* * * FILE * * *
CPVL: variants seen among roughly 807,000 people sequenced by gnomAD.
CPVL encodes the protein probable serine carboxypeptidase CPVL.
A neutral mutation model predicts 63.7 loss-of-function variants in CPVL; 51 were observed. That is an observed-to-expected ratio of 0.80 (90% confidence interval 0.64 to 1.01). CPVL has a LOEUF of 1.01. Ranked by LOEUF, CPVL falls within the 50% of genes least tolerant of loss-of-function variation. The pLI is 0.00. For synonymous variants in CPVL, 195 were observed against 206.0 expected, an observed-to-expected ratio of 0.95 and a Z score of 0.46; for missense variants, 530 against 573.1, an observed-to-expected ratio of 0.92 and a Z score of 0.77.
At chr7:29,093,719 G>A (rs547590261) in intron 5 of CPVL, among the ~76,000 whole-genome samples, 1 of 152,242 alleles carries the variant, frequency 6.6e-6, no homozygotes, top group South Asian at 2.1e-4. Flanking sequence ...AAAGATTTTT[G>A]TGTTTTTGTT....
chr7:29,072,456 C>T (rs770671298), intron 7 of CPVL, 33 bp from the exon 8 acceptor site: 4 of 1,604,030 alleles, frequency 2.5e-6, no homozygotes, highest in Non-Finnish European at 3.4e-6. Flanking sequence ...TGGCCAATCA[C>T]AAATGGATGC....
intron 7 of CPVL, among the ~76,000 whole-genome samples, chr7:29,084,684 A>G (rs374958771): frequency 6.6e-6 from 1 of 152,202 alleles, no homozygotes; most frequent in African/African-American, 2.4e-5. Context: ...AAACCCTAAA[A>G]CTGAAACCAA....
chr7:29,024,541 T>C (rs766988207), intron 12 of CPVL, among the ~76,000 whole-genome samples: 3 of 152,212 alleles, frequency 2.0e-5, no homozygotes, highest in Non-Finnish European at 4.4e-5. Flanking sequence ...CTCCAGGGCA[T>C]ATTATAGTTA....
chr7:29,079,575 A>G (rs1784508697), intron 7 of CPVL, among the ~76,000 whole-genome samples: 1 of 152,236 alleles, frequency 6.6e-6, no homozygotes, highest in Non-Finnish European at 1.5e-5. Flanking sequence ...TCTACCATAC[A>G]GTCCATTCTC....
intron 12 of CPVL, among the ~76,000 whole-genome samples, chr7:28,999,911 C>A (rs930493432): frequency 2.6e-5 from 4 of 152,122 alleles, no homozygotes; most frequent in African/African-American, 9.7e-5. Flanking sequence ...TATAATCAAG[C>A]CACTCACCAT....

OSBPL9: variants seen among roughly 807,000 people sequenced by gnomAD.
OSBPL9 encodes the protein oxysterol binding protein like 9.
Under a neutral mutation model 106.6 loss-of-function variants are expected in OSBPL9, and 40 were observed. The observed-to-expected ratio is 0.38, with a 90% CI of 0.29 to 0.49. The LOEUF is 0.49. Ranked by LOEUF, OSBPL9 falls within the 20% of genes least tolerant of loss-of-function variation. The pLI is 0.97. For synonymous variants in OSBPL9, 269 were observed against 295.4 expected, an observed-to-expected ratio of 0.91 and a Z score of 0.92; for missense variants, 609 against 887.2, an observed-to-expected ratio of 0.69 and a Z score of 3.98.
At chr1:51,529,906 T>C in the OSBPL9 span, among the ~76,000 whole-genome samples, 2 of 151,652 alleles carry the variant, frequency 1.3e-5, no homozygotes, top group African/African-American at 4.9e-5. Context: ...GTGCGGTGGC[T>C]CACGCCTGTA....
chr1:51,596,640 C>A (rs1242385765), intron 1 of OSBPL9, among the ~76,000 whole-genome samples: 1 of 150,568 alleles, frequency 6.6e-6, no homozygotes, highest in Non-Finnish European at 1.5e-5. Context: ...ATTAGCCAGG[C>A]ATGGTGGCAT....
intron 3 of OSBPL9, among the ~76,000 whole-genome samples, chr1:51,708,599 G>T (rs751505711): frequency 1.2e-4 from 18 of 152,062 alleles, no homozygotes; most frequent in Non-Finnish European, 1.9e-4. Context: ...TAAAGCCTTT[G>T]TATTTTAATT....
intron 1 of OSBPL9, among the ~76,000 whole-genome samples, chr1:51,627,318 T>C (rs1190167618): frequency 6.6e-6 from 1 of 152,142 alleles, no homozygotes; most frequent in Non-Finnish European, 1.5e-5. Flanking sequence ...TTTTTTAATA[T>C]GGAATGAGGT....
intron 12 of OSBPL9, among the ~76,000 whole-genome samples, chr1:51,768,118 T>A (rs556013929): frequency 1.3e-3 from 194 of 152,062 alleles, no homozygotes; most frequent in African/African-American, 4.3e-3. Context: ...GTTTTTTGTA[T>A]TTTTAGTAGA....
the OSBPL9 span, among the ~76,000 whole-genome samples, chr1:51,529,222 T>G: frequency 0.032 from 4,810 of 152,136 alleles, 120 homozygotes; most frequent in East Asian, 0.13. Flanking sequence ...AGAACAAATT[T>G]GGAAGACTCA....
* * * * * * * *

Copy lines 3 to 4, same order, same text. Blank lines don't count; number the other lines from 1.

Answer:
A neutral mutation model predicts 63.7 loss-of-function variants in CPVL; 51 were observed. That is an observed-to-expected ratio of 0.80 (90% confidence interval 0.64 to 1.01). CPVL has a LOEUF of 1.01. Ranked by LOEUF, CPVL falls within the 50% of genes least tolerant of loss-of-function variation. The pLI is 0.00. For synonymous variants in CPVL, 195 were observed against 206.0 expected, an observed-to-expected ratio of 0.95 and a Z score of 0.46; for missense variants, 530 against 573.1, an observed-to-expected ratio of 0.92 and a Z score of 0.77.
At chr7:29,093,719 G>A (rs547590261) in intron 5 of CPVL, among the ~76,000 whole-genome samples, 1 of 152,242 alleles carries the variant, frequency 6.6e-6, no homozygotes, top group South Asian at 2.1e-4. Flanking sequence ...AAAGATTTTT[G>A]TGTTTTTGTT....